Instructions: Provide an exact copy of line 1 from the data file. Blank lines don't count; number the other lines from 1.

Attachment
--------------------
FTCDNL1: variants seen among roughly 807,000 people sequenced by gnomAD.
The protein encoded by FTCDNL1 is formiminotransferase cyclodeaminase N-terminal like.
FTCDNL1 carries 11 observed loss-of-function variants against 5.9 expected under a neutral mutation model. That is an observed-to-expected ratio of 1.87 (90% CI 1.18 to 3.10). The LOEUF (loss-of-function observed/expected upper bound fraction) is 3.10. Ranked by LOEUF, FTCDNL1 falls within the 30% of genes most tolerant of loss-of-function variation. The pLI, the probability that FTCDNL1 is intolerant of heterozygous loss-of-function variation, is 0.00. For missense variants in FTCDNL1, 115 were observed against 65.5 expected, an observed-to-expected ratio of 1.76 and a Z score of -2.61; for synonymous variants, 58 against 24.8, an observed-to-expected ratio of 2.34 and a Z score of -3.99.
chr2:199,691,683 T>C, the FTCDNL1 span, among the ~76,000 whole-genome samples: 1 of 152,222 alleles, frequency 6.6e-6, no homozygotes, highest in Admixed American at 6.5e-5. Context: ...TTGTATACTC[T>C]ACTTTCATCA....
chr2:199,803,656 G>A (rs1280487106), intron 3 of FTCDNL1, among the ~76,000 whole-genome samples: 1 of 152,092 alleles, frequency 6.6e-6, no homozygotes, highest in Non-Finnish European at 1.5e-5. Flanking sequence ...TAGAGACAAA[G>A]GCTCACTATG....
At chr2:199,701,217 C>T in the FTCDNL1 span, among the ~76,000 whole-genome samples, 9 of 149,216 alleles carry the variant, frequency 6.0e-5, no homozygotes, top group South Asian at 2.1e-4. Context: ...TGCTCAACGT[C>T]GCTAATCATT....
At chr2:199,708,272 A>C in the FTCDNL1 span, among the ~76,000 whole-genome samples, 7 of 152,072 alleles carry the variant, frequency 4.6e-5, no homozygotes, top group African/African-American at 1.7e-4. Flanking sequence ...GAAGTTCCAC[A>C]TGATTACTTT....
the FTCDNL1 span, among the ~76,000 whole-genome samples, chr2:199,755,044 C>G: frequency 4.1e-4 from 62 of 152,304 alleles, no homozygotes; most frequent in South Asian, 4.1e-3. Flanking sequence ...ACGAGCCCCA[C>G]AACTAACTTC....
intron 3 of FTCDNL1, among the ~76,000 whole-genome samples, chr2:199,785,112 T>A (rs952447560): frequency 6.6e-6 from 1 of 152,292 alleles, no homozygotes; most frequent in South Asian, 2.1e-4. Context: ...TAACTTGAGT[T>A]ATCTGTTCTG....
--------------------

FTCDNL1: variants seen among roughly 807,000 people sequenced by gnomAD.